In an earlier post, we argue that the characteristics of CBDC are equally clear. To avoid facilitating criminal activity, CBDC cannot be anonymous. To truly substitute for paper currency, it will have to be supplied elastically. Individuals will be allowed to hold unlimited quantities: otherwise, there would be circumstances when bank liabilities will not be convertible into CBDC at par. Restricting holdings to residents is a version of capital controls, which are both impractical and unwise. Finally, we see two reasons that CBDC would have to bear interest. First, in our view, it is politically unsustainable for a central bank to pay interest on commercial bank reserve deposits but not on the deposits of individuals. Second, without it, policymakers who wish to lower nominal interest rates below the effective lower bound could not do so.
The issuance of such CBDC creates four critical problems: disintermediation, currency substitution, lack of privacy, and the inability to ensure compliance. On the first, while inertia (combined with interest rate increases and service improvements) might keep funds in the banking system for a while, financial strains eventually would prompt uninsured deposits to flee private banks for the central bank. And, for highly trusted central banks that operate in relatively stable political and financial jurisdictions, these inflows will come from abroad as well. Given the current high foreign demand for U.S. paper currency, imagine what would happen if the Fed offered universal, unlimited accounts? The consequences of this could be catastrophic for emerging market and developing economies.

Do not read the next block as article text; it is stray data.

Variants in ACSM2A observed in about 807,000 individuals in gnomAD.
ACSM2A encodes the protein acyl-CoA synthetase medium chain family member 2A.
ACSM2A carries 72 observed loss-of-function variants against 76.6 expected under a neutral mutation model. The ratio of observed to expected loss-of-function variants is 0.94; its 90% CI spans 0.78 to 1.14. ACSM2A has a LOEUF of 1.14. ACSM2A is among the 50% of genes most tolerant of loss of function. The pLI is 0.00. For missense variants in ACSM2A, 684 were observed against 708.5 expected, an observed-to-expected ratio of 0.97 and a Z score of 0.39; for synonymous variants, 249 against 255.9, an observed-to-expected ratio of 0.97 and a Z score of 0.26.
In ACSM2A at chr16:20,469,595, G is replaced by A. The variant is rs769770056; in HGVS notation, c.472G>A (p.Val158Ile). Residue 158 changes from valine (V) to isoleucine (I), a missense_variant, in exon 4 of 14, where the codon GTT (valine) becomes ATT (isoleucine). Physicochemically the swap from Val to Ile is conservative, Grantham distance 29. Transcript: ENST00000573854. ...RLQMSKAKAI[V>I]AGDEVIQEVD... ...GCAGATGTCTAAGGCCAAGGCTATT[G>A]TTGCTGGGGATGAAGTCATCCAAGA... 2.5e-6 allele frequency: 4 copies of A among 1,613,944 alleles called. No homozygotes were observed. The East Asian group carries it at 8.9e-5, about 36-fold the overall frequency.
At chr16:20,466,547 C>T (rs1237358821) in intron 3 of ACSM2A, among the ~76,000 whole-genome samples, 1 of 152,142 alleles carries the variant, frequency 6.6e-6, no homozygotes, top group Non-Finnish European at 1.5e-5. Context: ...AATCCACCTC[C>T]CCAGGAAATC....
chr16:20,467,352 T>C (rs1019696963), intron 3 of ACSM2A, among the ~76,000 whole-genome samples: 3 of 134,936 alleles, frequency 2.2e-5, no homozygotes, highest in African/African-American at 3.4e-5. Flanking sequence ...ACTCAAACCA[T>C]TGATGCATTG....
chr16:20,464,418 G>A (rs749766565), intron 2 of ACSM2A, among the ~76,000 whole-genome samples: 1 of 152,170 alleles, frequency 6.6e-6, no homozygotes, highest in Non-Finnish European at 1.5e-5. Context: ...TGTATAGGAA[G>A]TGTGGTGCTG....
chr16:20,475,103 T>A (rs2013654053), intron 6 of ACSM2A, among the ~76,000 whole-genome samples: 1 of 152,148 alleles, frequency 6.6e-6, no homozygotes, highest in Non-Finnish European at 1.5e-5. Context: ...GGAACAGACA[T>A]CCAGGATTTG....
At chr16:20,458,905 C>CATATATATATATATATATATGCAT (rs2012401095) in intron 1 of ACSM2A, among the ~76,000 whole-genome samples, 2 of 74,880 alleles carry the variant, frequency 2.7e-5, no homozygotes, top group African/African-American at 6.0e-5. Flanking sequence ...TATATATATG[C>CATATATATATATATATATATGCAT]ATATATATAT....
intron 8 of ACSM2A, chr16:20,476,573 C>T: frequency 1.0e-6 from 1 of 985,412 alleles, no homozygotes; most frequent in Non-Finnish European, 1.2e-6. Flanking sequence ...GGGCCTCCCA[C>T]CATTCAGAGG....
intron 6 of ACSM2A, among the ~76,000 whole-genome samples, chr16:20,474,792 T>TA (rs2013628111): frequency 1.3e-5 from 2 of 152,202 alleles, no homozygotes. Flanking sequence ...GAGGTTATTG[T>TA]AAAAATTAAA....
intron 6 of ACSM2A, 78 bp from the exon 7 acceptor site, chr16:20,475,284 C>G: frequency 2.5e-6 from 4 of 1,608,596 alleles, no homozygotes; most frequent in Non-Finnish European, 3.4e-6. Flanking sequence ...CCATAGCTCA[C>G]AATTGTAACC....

The fact that CBDC is not anonymous leads to the final, related, challenges: privacy and compliance. On the first, everything we do becomes traceable. While we are neither libertarians nor advocates of free banking, in this case we agree with L.H. White: there are enormous risks in allowing governments to have this level of detailed information about our activities. As a result, it is difficult to see why democratic countries would allow such a concentration of power.